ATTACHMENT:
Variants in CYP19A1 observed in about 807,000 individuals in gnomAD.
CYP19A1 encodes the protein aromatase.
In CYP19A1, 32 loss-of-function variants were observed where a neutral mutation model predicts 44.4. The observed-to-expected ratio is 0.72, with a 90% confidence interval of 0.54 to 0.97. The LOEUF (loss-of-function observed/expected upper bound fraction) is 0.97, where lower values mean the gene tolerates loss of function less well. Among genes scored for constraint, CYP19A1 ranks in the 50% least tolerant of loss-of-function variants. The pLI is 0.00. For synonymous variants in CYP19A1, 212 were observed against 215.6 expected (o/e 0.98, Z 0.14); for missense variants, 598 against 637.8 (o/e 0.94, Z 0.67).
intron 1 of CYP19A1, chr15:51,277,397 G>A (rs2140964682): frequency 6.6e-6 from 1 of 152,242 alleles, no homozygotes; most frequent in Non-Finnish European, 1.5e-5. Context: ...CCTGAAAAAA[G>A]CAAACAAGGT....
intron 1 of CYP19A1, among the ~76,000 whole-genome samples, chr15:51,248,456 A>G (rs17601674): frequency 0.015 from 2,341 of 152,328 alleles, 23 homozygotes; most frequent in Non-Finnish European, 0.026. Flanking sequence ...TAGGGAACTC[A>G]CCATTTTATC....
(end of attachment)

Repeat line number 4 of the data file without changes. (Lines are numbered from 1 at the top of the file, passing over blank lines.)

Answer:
intron 1 of CYP19A1, chr15:51,277,397 G>A (rs2140964682): frequency 6.6e-6 from 1 of 152,242 alleles, no homozygotes; most frequent in Non-Finnish European, 1.5e-5. Context: ...CCTGAAAAAA[G>A]CAAACAAGGT....